Show Review & Photos: The Pixies @ the Paramount

Review by Shana Restall Crick
Photos by Alex Crick

Last night iconoclastic rockers the Pixies created an intense and unforgettable experience for a packed crowd at the Paramount. The show was the first of two performances in Seattle for the band, who are presently on tour to commemorate the 20th anniversary of the release of their highly influential album, Doolittle. The relatively intimate setting of the Paramount allowed for a connection between the band and audience that proved elusive during concerts in 2004 at Bumbershoot and in 2005 at the Sasquatch! Music Festival.

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Frank Black of the Pixies

Rain Machine, the show’s opener, is the side project of TV on the Radio’s Kyp Malone. The melancholy character of Rain Machine, while powerful at times, generally resulted in a lethargy that ultimately proved to be an awkward fit for a Pixies show. However, Malone himself stated on several occasions what many in the audience were thinking – let’s get on with this so we can watch the main event!

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Kyp Malone of Rain Machine

As a prelude to the Pixies’ set, Un chien andalou, Luis Buñuel’s 1929 film, was projected behind the stage. The jarring image of Buñuel’s razor slicing through an eyeball – which is echoed in the lyrics to “Debaser” – set the mood for the entire performance. The band opened with “Dancing the Manta Ray” as well fellow B-side selections “Weird at My School,” “Bailey’s Walk,” and “Manta Ray” before dutifully launching into a cover to cover performance of Doolittle. Bassist Kim Deal gleefully noted the progress of the band through the album by pronouncing “not quite through side A” or “chugging through side B.”

The band seemed relatively stoical during the early part of the set, but visibly relaxed as the evening advanced and the background video unquestionably enhanced the visual quality of the performance. Songs were paired with disquieting film clips – “Tame” featured a juxtaposition of skulls and mannequins and “Into the White” came with a frenetic light show that easily would be every epileptic’s nightmare. Arguably the most riveting part of the set was the second encore, which rewarded those who stuck around after the selections from the previously circulated setlist ran out. “Caribou,” “Vamos,” and “Gigantic” showed the Pixies at their best – vibrant and dynamic with just enough tension between band members to keep it interesting.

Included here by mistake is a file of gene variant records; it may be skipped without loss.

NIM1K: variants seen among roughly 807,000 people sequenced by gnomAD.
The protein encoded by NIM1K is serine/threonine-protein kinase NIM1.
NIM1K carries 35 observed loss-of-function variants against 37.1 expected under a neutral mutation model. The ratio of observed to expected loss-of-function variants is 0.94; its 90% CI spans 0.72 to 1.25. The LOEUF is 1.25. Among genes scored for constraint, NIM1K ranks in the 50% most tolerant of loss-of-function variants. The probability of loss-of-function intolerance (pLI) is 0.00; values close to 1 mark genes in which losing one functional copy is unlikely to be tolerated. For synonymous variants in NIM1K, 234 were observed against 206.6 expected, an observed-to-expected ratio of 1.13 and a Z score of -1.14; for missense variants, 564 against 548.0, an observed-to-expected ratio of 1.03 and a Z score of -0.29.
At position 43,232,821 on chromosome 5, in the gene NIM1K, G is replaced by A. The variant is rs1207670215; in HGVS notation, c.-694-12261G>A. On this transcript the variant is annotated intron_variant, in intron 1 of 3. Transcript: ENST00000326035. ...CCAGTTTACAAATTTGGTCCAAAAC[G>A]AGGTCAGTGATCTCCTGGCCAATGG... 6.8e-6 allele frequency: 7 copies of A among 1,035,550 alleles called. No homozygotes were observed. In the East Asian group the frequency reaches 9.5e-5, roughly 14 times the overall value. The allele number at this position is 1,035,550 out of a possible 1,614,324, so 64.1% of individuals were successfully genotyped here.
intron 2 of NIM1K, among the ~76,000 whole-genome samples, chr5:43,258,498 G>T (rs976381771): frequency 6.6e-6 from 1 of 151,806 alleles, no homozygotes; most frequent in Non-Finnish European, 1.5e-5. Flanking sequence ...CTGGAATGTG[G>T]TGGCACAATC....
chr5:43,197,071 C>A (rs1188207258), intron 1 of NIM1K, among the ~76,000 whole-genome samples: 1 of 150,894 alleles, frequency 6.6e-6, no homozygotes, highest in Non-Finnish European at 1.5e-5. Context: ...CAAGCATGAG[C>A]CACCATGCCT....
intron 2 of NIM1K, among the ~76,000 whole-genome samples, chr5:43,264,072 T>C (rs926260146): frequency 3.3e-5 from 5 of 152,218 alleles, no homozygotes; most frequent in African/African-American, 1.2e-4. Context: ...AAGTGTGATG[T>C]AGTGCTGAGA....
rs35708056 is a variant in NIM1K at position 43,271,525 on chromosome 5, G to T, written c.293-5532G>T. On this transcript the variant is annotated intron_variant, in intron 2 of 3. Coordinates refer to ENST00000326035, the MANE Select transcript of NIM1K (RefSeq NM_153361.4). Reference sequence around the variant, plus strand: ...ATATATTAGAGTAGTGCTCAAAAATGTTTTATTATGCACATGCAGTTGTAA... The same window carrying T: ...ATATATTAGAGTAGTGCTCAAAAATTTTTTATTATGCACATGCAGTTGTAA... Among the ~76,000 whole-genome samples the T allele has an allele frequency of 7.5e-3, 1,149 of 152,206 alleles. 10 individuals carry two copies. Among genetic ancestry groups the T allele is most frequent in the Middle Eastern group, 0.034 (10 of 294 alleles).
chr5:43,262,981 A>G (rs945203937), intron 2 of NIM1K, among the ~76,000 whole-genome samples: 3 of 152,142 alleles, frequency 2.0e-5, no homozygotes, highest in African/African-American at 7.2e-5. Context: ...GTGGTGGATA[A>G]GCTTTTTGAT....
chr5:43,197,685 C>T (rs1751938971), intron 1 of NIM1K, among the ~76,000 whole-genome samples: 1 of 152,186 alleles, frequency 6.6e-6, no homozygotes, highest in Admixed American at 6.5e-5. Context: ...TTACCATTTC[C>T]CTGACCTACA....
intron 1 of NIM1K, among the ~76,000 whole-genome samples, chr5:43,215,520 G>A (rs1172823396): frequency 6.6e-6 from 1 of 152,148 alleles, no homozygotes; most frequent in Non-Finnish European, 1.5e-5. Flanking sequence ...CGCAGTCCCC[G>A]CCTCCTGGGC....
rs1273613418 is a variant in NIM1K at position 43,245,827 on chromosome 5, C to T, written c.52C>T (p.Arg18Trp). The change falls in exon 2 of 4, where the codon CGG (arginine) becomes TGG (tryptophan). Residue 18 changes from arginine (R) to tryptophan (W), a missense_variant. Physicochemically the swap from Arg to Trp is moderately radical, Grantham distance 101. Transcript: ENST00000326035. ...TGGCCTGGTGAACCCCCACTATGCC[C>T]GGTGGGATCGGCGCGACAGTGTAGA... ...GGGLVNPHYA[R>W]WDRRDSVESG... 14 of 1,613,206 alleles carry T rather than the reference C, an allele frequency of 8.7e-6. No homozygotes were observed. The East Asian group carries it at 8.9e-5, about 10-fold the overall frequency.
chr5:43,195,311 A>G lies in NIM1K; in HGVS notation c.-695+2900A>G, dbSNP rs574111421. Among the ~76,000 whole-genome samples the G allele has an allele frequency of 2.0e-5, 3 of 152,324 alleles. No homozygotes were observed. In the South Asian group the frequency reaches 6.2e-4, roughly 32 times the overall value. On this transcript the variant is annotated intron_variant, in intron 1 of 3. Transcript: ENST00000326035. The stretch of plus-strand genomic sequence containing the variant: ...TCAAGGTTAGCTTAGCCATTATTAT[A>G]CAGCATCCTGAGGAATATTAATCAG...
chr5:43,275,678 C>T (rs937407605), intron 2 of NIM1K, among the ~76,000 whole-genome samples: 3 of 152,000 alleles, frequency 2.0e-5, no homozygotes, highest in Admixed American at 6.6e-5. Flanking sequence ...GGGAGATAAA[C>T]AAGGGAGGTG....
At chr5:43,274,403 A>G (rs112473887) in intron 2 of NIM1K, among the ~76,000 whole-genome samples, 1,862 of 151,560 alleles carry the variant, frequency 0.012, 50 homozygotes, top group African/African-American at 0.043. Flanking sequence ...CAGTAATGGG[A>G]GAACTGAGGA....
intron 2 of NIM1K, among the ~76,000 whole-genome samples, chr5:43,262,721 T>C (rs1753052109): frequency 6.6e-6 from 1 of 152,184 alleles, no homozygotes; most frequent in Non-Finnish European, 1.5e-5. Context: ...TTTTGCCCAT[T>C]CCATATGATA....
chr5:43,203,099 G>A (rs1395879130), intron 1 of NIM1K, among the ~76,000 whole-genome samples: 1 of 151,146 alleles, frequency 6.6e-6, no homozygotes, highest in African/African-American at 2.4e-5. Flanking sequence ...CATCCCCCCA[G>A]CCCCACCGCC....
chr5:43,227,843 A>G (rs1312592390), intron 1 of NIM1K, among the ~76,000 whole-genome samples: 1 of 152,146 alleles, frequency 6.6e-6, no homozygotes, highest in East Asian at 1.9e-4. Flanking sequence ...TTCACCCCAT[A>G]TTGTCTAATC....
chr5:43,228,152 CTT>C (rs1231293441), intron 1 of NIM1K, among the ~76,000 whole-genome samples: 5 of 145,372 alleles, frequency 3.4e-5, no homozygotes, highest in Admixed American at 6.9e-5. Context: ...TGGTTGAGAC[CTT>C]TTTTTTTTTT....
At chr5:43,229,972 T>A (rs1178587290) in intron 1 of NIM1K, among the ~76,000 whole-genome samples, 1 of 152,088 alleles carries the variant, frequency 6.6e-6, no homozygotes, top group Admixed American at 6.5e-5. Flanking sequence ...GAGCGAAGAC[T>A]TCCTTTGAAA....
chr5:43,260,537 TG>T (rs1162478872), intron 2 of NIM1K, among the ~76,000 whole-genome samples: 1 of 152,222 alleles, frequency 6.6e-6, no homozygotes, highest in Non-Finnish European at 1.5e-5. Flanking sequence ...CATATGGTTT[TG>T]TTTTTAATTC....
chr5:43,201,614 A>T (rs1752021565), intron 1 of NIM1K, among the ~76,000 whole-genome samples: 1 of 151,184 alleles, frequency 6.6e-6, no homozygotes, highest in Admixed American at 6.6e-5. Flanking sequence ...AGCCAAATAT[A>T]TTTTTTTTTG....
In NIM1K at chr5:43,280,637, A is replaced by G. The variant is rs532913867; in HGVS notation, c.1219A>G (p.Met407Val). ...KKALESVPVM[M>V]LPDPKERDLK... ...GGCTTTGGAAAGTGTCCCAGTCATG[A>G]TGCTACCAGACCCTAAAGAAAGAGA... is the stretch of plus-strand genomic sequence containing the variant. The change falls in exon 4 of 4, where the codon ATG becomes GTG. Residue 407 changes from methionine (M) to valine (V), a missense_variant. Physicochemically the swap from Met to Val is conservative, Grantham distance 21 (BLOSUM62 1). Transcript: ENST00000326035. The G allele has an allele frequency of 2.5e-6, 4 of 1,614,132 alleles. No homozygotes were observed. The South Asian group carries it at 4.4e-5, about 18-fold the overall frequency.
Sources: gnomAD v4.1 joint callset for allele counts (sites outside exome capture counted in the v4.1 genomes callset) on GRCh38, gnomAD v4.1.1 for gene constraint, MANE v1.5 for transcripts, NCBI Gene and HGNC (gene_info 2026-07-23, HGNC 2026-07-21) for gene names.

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Joey Santiago of the Pixies

Prior to the show we had the pleasure of meeting a couple who had driven from Spokane just to see the Pixies. They owned upwards of 20 Pixies bootlegs and had seen the band perform countless times. Their enthusiastic, awed reaction accurately reflected the evening’s events. The intimacy between band and audience, coupled with forcefully dynamic music and disturbing imagery culminated in an eerily compelling experience. It may not have been the Pixies’ most lively show, but it was undoubtedly one of their most memorable.

Spokane Couple
Spokane Couple

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Pixies 07 - Flickr

Pixes at The Paramount - Flickr

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The Pixies

Rain Machine 04 - Flickr

Rain Machine 03 - Flickr

Rain Machine 02 - Flickr

Rain Machine 01 - Flickr
Rain Machine

Pixies Setlist:

“Dancing The Manta Ray”

“Weird at My School”

“Bailey’s Walk”

“Manta Ray”



“Wave of Mutilation”

“I Bleed”

“Here Comes Your Man”


“Monkey Gone to Heaven”

“Mr. Grieves”

“Crackity Jones”

“La La Love You”

“No. 13 Baby”

“There Goes My Gun”



“Gouge Away”

Encore 1:

“Wave of Mutilation (UK Surf)”

“Into the White”

Encore 2:





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